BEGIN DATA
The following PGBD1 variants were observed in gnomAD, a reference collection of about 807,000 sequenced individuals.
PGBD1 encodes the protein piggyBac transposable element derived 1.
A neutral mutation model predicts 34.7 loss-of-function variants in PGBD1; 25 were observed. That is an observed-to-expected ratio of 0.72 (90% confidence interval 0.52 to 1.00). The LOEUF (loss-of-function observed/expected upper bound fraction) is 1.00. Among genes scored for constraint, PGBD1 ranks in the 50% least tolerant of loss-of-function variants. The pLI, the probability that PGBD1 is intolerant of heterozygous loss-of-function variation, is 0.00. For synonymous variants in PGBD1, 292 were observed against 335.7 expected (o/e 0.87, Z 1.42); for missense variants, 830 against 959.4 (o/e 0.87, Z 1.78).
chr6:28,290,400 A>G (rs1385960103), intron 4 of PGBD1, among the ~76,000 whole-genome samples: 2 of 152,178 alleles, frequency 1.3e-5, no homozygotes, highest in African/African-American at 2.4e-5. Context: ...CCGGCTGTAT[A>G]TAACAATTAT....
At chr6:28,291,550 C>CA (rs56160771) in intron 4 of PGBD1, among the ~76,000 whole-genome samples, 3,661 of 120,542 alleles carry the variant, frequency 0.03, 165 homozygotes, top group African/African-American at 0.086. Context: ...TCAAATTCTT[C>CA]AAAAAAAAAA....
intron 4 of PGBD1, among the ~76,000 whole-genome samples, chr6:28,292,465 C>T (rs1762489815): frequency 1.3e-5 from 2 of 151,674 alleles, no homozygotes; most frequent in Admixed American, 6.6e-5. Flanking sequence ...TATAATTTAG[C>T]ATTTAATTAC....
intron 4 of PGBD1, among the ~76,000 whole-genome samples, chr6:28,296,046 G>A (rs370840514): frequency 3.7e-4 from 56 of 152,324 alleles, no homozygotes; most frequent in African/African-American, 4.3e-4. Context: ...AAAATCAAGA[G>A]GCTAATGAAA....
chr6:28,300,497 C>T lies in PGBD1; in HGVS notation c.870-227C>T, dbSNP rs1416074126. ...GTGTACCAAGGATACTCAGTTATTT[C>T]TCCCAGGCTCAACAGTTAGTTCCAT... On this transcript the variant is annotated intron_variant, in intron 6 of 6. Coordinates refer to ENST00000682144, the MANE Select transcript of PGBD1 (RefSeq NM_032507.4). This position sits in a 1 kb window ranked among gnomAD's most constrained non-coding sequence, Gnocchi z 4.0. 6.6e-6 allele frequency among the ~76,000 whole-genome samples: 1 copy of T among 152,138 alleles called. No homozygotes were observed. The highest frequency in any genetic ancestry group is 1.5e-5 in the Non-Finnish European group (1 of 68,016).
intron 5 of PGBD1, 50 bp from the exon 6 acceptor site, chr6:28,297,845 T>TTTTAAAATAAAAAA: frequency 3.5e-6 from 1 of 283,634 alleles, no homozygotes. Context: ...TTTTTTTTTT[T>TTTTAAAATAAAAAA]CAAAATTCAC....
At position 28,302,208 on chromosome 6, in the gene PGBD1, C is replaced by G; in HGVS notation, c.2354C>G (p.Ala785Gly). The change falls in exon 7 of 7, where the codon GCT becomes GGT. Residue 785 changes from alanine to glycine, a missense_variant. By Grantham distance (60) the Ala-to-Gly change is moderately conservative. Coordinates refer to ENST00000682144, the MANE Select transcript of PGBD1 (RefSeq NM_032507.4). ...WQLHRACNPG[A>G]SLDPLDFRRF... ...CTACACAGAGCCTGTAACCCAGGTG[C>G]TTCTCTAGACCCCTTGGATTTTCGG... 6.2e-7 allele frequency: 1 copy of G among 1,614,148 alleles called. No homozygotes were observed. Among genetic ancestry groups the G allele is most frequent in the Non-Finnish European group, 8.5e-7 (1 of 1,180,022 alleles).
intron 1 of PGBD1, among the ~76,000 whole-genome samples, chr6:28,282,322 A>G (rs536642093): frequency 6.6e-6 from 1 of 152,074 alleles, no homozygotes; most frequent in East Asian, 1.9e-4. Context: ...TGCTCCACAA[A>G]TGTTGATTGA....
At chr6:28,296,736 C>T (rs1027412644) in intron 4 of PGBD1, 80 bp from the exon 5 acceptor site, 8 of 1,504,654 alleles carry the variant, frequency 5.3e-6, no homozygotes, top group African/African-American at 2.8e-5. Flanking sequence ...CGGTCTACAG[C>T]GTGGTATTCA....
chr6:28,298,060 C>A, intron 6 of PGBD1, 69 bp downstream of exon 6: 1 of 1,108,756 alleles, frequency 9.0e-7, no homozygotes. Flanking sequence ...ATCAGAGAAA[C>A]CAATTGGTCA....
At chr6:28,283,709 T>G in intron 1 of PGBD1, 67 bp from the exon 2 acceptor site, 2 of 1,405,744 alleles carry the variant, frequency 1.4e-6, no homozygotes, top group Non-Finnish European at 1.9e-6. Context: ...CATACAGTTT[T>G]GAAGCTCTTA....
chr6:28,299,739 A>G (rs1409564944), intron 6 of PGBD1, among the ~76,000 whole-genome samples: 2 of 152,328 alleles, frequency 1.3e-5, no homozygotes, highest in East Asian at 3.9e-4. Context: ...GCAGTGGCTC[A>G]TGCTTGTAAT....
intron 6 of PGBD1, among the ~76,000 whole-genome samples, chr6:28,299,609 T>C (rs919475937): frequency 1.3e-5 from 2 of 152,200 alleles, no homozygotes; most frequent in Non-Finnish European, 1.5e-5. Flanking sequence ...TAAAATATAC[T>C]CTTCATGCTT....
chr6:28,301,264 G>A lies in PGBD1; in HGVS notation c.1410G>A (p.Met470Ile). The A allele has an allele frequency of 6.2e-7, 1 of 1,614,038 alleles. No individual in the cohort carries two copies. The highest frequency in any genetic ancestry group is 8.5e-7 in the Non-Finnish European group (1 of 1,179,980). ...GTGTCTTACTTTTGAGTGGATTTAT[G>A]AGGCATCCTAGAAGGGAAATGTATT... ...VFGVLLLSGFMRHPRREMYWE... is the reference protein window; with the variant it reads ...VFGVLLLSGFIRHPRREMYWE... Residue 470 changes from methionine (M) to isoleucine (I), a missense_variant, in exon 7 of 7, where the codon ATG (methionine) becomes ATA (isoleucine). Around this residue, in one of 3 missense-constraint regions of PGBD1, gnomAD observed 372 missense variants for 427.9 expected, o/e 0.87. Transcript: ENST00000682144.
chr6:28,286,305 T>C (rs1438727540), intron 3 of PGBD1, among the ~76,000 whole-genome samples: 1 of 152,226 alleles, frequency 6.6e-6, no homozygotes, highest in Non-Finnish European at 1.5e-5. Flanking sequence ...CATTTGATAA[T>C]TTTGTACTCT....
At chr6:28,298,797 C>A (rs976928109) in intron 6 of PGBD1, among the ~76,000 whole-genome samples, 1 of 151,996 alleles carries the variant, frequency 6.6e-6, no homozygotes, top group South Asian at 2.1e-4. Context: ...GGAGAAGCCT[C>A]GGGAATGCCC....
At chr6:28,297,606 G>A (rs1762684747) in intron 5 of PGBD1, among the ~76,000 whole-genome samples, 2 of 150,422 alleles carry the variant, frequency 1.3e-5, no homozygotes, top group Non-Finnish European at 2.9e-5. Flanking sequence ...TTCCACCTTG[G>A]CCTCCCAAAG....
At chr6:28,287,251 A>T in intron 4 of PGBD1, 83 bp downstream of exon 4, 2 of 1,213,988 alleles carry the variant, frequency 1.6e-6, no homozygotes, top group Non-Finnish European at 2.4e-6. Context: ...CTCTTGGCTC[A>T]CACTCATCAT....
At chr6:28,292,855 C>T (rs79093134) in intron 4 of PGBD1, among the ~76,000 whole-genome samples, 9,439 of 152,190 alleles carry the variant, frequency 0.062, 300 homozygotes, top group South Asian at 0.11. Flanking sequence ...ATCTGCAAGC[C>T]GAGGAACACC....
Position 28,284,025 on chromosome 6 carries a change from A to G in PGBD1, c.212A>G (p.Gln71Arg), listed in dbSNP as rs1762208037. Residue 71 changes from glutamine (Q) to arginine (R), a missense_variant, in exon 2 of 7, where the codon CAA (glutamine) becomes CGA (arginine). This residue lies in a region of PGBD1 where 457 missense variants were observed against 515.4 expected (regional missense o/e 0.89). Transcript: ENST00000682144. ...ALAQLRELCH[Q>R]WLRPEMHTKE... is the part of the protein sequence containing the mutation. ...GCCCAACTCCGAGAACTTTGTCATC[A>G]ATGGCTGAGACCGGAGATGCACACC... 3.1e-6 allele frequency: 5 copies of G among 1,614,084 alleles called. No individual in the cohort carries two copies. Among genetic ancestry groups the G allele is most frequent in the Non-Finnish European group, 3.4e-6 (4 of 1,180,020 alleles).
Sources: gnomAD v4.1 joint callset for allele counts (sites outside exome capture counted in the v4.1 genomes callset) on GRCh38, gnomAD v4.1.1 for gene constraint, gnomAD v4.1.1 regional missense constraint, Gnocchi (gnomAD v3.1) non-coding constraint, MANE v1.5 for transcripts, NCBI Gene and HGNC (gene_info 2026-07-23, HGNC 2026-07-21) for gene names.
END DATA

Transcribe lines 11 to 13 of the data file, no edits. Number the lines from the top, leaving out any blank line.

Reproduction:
intron 1 of PGBD1, among the ~76,000 whole-genome samples, chr6:28,282,322 A>G (rs536642093): frequency 6.6e-6 from 1 of 152,074 alleles, no homozygotes; most frequent in East Asian, 1.9e-4. Context: ...TGCTCCACAA[A>G]TGTTGATTGA....
At chr6:28,296,736 C>T (rs1027412644) in intron 4 of PGBD1, 80 bp from the exon 5 acceptor site, 8 of 1,504,654 alleles carry the variant, frequency 5.3e-6, no homozygotes, top group African/African-American at 2.8e-5. Flanking sequence ...CGGTCTACAG[C>T]GTGGTATTCA....
chr6:28,298,060 C>A, intron 6 of PGBD1, 69 bp downstream of exon 6: 1 of 1,108,756 alleles, frequency 9.0e-7, no homozygotes. Flanking sequence ...ATCAGAGAAA[C>A]CAATTGGTCA....